For her 1988 sequel, The Decline of Western Civilization II: The Metal Years Spheeris once again parsed her subject through a socio-cultural lens; fans are given equal face time with the musicians to paint a full picture of L.A.’s late 80s metal scene. What a difference a decade makes; while the concept of a “rock star” was anathema in the first film, it’s catnip for this crowd. It seems that everybody in II (whether musician, fan, or passer-by) wants to be (to quote Dirk Diggler) a big, bright, shining star. Well, almost everybody.

The film’s most famous (and disturbing) scene, wherein W.A.S.P. guitarist Chris Holmes is interviewed floating in a pool (clothed) and downing what looks to be a lethal amount of vodka while Mom looks on in bemusement, is like a lost reel from Beyond the Valley of the Dolls (he must have got treatment…I just Googled him and he’s still alive).

While it’s certainly a thrill to finally have pristine prints of I and II on the home shelf, the real revelation is the inclusion of The Decline of Western Civilization III, which I had never had a chance to see until now (it played at several film festivals in 1998, but never got picked up for wide distribution). The film departs from its two predecessors, in that it feels more like an act of real social compassion, rather than mere historical preservation.

The setting remains Los Angeles. It is actually a more direct “sequel” to the first film, because “punk” is invoked once again. This time, it’s not so much “punk” in the sense of a music genre, or scene, but as the ethos of a specific lifestyle; in this case a subculture of street kids dubbed as “gutter punks”. Music is still an element, and several bands are profiled, but it’s the gutter punks who tell the real story here.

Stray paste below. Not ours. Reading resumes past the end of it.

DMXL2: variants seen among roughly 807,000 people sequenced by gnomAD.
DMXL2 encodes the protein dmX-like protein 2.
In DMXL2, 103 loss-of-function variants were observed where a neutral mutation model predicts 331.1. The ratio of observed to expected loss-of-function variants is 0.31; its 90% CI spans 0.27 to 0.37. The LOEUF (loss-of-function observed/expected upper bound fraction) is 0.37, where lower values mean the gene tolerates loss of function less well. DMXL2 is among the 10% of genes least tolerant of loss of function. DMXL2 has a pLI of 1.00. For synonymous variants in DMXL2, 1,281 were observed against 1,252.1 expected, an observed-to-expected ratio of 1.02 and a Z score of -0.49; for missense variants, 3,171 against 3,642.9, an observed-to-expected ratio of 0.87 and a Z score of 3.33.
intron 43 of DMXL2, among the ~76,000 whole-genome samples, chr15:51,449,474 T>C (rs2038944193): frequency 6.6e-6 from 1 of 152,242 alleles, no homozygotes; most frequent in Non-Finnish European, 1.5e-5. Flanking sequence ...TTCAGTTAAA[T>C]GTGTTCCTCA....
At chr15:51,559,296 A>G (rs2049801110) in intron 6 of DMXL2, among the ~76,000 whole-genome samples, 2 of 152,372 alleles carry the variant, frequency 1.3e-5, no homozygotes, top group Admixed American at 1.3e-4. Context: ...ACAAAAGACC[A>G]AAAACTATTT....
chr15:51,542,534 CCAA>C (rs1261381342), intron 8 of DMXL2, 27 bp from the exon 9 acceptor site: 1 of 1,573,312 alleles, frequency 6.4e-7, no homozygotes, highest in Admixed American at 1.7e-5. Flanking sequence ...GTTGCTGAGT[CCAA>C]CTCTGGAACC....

Sadly, it’s an ongoing story, which is the story of America’s homeless. It’s all the more heartbreaking when you realize that these really are only kids, who due to fate and/or deeply dysfunctional upbringings, feel compelled to reject “normal” society and take their chances tenuously living by their wits. The film reminded me of the 1984 documentary Streetwise (strongly recommended, if you have never seen it), which profiled a group of Seattle street kids.

The box set includes a bonus disc, chockablock with extras. Taken as a triptych, this collection rates as essential viewing, and gets my vote for best reissue of 2015 (so far).

You upset me, BB

By Dennis Hartley

(Originally posted on Digby’s Hullabaloo on May 15, 2015)


Today, Lucille is a widow. Is there any guitar player of the past 60 years who hasn’t been influenced by him? He had a deceptively simple playing style…but just try to reproduce that tone (and that vibrato…Jesus, that vibrato). God knows, I’ve tried (and I’ve been playing for 40 years). With his innate and effortless stage cool, he made it look natural and easy; but each one of those smooth, economical lead lines were plucked directly from his blue, blue soul. His interpretation was singular and elemental. Long live the King…

Thoughts on a Beatles anniversary & a new (-ish) documentary (***)

By Dennis Hartley

(Originally posted on Digby’s Hullabaloo on February 9, 2014)


Digby has invited me to share my memories and thoughts about the Beatles performing on the Ed Sullivan Show 50 years ago today (CBS is airing a 2 hour tribute special tonight-Paul and Ringo are doing a couple numbers!). Truth be told, that “memory” is a little fuzzy, for a couple of reasons. On February 9, 1964, I was all of 7 years old; a tad on the young side to fully grok the hormonal/cultural impact of this “screaming ‘yeah-yeah’ music” (as my dad would come to define any rock’n’roll he might overhear wafting from my room throughout my formative years).